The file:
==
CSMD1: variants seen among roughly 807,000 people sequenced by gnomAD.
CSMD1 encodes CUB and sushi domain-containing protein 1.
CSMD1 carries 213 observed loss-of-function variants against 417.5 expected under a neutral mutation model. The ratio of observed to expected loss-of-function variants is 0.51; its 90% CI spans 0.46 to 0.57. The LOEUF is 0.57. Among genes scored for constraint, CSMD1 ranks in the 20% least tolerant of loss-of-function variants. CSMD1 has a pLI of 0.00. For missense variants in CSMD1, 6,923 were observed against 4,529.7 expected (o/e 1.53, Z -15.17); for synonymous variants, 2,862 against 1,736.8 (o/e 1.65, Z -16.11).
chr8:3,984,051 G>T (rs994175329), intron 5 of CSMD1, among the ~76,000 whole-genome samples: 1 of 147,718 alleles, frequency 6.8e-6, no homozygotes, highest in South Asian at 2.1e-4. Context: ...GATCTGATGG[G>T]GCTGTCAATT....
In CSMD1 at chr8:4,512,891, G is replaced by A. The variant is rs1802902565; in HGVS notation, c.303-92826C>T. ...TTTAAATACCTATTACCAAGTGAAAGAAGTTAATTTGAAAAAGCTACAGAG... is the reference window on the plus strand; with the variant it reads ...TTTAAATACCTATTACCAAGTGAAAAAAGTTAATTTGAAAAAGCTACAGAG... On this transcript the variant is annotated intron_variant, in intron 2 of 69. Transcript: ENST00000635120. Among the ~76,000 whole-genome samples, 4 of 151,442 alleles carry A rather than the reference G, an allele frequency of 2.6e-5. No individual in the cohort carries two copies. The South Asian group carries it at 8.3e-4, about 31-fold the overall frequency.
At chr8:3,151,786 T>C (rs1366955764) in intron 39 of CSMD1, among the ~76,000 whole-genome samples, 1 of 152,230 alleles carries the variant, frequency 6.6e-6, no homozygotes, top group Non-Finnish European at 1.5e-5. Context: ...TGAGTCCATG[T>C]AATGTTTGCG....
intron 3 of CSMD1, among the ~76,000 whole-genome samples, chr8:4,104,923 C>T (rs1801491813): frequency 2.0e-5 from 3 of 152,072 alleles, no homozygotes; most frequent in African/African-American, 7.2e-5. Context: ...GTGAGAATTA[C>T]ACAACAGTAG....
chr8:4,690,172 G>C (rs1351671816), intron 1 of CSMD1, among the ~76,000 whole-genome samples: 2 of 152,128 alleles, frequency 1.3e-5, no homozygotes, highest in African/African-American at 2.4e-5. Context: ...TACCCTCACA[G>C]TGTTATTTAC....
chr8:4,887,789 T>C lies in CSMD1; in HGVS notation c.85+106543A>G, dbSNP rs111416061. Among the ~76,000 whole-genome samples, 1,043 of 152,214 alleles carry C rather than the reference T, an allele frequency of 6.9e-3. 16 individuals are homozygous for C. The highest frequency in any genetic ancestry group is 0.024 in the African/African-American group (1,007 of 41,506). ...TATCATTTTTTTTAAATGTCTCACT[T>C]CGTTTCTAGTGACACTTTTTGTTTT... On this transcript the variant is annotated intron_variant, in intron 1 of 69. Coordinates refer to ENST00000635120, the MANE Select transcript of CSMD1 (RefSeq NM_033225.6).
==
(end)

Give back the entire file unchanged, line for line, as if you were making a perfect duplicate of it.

CSMD1: variants seen among roughly 807,000 people sequenced by gnomAD.
CSMD1 encodes CUB and sushi domain-containing protein 1.
CSMD1 carries 213 observed loss-of-function variants against 417.5 expected under a neutral mutation model. The ratio of observed to expected loss-of-function variants is 0.51; its 90% CI spans 0.46 to 0.57. The LOEUF is 0.57. Among genes scored for constraint, CSMD1 ranks in the 20% least tolerant of loss-of-function variants. CSMD1 has a pLI of 0.00. For missense variants in CSMD1, 6,923 were observed against 4,529.7 expected (o/e 1.53, Z -15.17); for synonymous variants, 2,862 against 1,736.8 (o/e 1.65, Z -16.11).
chr8:3,984,051 G>T (rs994175329), intron 5 of CSMD1, among the ~76,000 whole-genome samples: 1 of 147,718 alleles, frequency 6.8e-6, no homozygotes, highest in South Asian at 2.1e-4. Context: ...GATCTGATGG[G>T]GCTGTCAATT....
In CSMD1 at chr8:4,512,891, G is replaced by A. The variant is rs1802902565; in HGVS notation, c.303-92826C>T. ...TTTAAATACCTATTACCAAGTGAAAGAAGTTAATTTGAAAAAGCTACAGAG... is the reference window on the plus strand; with the variant it reads ...TTTAAATACCTATTACCAAGTGAAAAAAGTTAATTTGAAAAAGCTACAGAG... On this transcript the variant is annotated intron_variant, in intron 2 of 69. Transcript: ENST00000635120. Among the ~76,000 whole-genome samples, 4 of 151,442 alleles carry A rather than the reference G, an allele frequency of 2.6e-5. No individual in the cohort carries two copies. The South Asian group carries it at 8.3e-4, about 31-fold the overall frequency.
At chr8:3,151,786 T>C (rs1366955764) in intron 39 of CSMD1, among the ~76,000 whole-genome samples, 1 of 152,230 alleles carries the variant, frequency 6.6e-6, no homozygotes, top group Non-Finnish European at 1.5e-5. Context: ...TGAGTCCATG[T>C]AATGTTTGCG....
intron 3 of CSMD1, among the ~76,000 whole-genome samples, chr8:4,104,923 C>T (rs1801491813): frequency 2.0e-5 from 3 of 152,072 alleles, no homozygotes; most frequent in African/African-American, 7.2e-5. Context: ...GTGAGAATTA[C>T]ACAACAGTAG....
chr8:4,690,172 G>C (rs1351671816), intron 1 of CSMD1, among the ~76,000 whole-genome samples: 2 of 152,128 alleles, frequency 1.3e-5, no homozygotes, highest in African/African-American at 2.4e-5. Context: ...TACCCTCACA[G>C]TGTTATTTAC....
chr8:4,887,789 T>C lies in CSMD1; in HGVS notation c.85+106543A>G, dbSNP rs111416061. Among the ~76,000 whole-genome samples, 1,043 of 152,214 alleles carry C rather than the reference T, an allele frequency of 6.9e-3. 16 individuals are homozygous for C. The highest frequency in any genetic ancestry group is 0.024 in the African/African-American group (1,007 of 41,506). ...TATCATTTTTTTTAAATGTCTCACT[T>C]CGTTTCTAGTGACACTTTTTGTTTT... On this transcript the variant is annotated intron_variant, in intron 1 of 69. Coordinates refer to ENST00000635120, the MANE Select transcript of CSMD1 (RefSeq NM_033225.6).